So on the one side, you see openness to it, and I’m hearing — I get invited to speak at grand rounds in hospitals and psychiatry departments. I didn’t expect that to happen. Or address the American Psychological Association. I didn’t expect that to happen.

But there are kind of old line psychiatrists who have trouble processing the idea that psychological experience, not simply a neurochemical effect, can be therapeutic. There is a lot of reductive science, and they will tell you, “No, no, depression is a neurochemical process. It can only be addressed at that level.”

And in the same way, psychology used to be about psychoanalysis, and the criticism was that it was brainless, right? It didn’t take into account the brain as a physical organ. Well, now it’s mindless, right? Psychiatry is completely mindless, and there’s not a lot of room for talking about experience, and psychological experience.

So I have heard from people who just cannot figure out why this would help anyone with depression, in particular. Now it may not work on all types of depression, it’s true. Some may be more neurochemical than others, and the depression of someone with cancer is a special case, right? I mean, it’s an event in their life that has given them very good reason to be depressed. They may not be lifelong depressives. So those are all active questions.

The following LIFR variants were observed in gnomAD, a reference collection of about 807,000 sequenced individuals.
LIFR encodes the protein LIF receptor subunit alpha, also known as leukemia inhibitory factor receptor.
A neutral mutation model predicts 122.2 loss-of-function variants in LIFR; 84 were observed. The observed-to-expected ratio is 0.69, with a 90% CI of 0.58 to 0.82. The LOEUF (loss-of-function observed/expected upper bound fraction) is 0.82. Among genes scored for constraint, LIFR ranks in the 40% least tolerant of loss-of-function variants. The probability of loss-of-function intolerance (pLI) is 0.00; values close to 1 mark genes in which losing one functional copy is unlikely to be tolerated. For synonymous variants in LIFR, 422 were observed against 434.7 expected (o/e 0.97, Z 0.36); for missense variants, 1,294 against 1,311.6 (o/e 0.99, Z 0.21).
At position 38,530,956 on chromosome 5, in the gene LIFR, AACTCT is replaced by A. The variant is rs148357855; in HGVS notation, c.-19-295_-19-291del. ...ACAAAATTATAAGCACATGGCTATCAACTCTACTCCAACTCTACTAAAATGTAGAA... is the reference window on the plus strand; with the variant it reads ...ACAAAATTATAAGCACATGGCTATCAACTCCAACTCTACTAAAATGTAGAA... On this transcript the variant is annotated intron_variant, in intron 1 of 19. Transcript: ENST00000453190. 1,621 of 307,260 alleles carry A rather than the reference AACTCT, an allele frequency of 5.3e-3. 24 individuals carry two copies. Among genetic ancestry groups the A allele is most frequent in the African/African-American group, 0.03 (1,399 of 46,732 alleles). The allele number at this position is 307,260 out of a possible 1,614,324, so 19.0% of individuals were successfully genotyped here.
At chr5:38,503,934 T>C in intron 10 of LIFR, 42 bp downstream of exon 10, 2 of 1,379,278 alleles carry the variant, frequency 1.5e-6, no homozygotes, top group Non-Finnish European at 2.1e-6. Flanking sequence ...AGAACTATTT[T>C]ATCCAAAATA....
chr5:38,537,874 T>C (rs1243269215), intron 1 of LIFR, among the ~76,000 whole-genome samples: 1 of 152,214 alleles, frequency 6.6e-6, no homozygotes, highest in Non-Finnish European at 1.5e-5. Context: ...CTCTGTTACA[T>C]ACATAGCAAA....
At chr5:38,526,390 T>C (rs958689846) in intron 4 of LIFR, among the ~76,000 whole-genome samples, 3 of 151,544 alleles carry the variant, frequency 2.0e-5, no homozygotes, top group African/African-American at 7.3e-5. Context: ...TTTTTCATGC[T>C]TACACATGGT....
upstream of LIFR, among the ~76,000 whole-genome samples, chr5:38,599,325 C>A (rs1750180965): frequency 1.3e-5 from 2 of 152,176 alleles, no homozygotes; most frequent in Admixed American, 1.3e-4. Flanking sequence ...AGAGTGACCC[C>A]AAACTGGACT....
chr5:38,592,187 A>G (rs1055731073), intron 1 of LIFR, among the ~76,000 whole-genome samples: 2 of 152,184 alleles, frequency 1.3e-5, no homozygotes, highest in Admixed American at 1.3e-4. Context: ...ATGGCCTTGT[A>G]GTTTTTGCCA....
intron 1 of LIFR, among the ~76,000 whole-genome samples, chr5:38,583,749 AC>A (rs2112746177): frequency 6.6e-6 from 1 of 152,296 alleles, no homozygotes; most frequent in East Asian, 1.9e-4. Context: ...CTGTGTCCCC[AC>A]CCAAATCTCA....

And then there are the psychiatrists, some of whom have written to me, or spoken about what I’ve said, what I just told you about, and many psychiatrists, if they heard the story I just told you about that trip, would say that I had had a psychotic episode, right? I had depersonalization. I was seeing things that weren’t there. I was looking at this blond woman, and she turned into an Indian. I was crazy. And by their diagnostic criteria, I guess I was. So I just think that’s a limit of that framework. But I think it will change. I definitely think it will change.

But in general, I think that’s been the exception. I’m really amazed at how many medical schools and departments, because this is very much — if you go to any psychiatry department around the country right now, they’re talking about psychedelics. Could we study this? How could this work? How can we use our training to interpret this event?

It is true what you said earlier, though, about “What about in talk therapy? Could I get to this point?” And I would say, “Probably.” I mean, if I had the patience for it and the money for it. But it would take me at least 10 years to get that kind of perspective on my ego. Which is what you work on in talk therapy, very often, I think. But I got there in an afternoon, and that’s pretty astonishing.

Tim Ferriss: Yeah. It’s remarkable. And I want to come back to something that I think you said in passing, which related to explaining how these compounds do what they do, and that a lack of ability or tools to explain the mechanism of action does not mean that the mechanisms are unexplainable, or supernatural. And I’d be curious if you’ve had any conversations with what people might consider hard scientists, physicists, people along those lines. How do they respond to this conversation, or to these experiences?